The Field is 11.4 acres and directly South facing. We are lucky because the field is varied in aspect and topography, having some areas that are steeply sloping, others that are almost flat. The ground is mainly free draining overall, except in the bottom section where it is rushy and damp (soggy in the winter). The hedging around the field is a mix of Hazel, Blackthorn and Hawthorn with some Holly and Willow mixed in. There are some areas of good hedging and some where the hedges no longer exist.
After acquiring the field in late September 2018 sheep were removed and we were advised to leave the field to its own devices for nine to 12 months to see what may be growing there. We were amazed to find by June and July 2019 that the field (lower part in particular) was full of wild flowers and a variety of meadow grasses. A plant list was drawn up in April which was added to in the summer months. A fungi list had been done the previous winter.
The best of the botanical interest is in the lower third, on and around the thin-soiled tumps with their anthills (Yellow Meadow Ants). The grassland in the upper two thirds was grown for hay in 2019 for the first time in at least 20 years and nearly 70 big, dense round bales were taken off.
Sheep will go back on to the whole field in August/September 2019 for the autumn months.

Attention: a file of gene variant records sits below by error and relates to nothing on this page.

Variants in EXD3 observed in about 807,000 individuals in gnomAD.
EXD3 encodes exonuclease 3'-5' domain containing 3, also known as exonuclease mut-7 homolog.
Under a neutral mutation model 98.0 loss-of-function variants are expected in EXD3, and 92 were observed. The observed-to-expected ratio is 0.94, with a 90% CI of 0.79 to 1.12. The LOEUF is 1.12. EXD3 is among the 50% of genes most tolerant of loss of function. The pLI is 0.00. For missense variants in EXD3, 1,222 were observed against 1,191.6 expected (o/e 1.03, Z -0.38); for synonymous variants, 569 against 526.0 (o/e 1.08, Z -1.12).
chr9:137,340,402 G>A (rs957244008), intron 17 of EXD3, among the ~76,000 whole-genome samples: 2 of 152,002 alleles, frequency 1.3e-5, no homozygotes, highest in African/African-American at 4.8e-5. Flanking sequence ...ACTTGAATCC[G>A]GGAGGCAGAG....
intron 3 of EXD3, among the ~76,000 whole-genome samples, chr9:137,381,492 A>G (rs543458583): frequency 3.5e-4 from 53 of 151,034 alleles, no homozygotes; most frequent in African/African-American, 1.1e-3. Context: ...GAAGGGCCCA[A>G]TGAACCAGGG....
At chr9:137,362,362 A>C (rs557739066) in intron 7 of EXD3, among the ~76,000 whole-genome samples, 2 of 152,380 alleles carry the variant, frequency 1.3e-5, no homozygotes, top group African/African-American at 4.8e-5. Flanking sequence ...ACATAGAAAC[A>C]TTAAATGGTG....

Currently the outline medium to long-term plan is:
1) to manage the lower tumps for their anthill 'meadows', with sheep grazing (late summer/autumn and early spring)
2) to plant mixed native trees in the top third of the field and create a 'riparian' shelter belt down the West side. The new plantings will be livestock fenced. No trees will be planted near the tumps.
3) to manage the haymeadow traditionally, using sheep for grazing. We sowed some Yellow Rattle in July 19.
4) to re-wet the bottom area by allowing water from the land drain to leach into the ground and create more boggy ground. As well as providing wet habitat this helps 'slow the flow' of the Redlake River into which the drain empties over the lane - as well as helping to 'filter' the water of sediment.
5) to plant the damp area with 'wet woodland' trees, including Alder and Willow in particular.
6) to create open ponds/scrapes in this area - for more wet habitat.
7) when finances and time allow, restore the open field barn in the lower part of the field so it provides shelter for birds/animals/bats etc. Include bird/bat boxes if these are appropriate.
We will do some soil testing shortly to establish pH and soil structure.
(August 2019, updated Nov 19)
Our plans for the field (Jan 2020)
(click on drawing for larger version)
We have decided not to fence off the tumps area but manage it (when we need to) with electric fencing which can be temporary. We will add a small area of shrubby trees at the bottom left by the ditch and updated the planting plan in the top wood (at Jan 2020). All other parts of the plan remain the same as the annotated version below!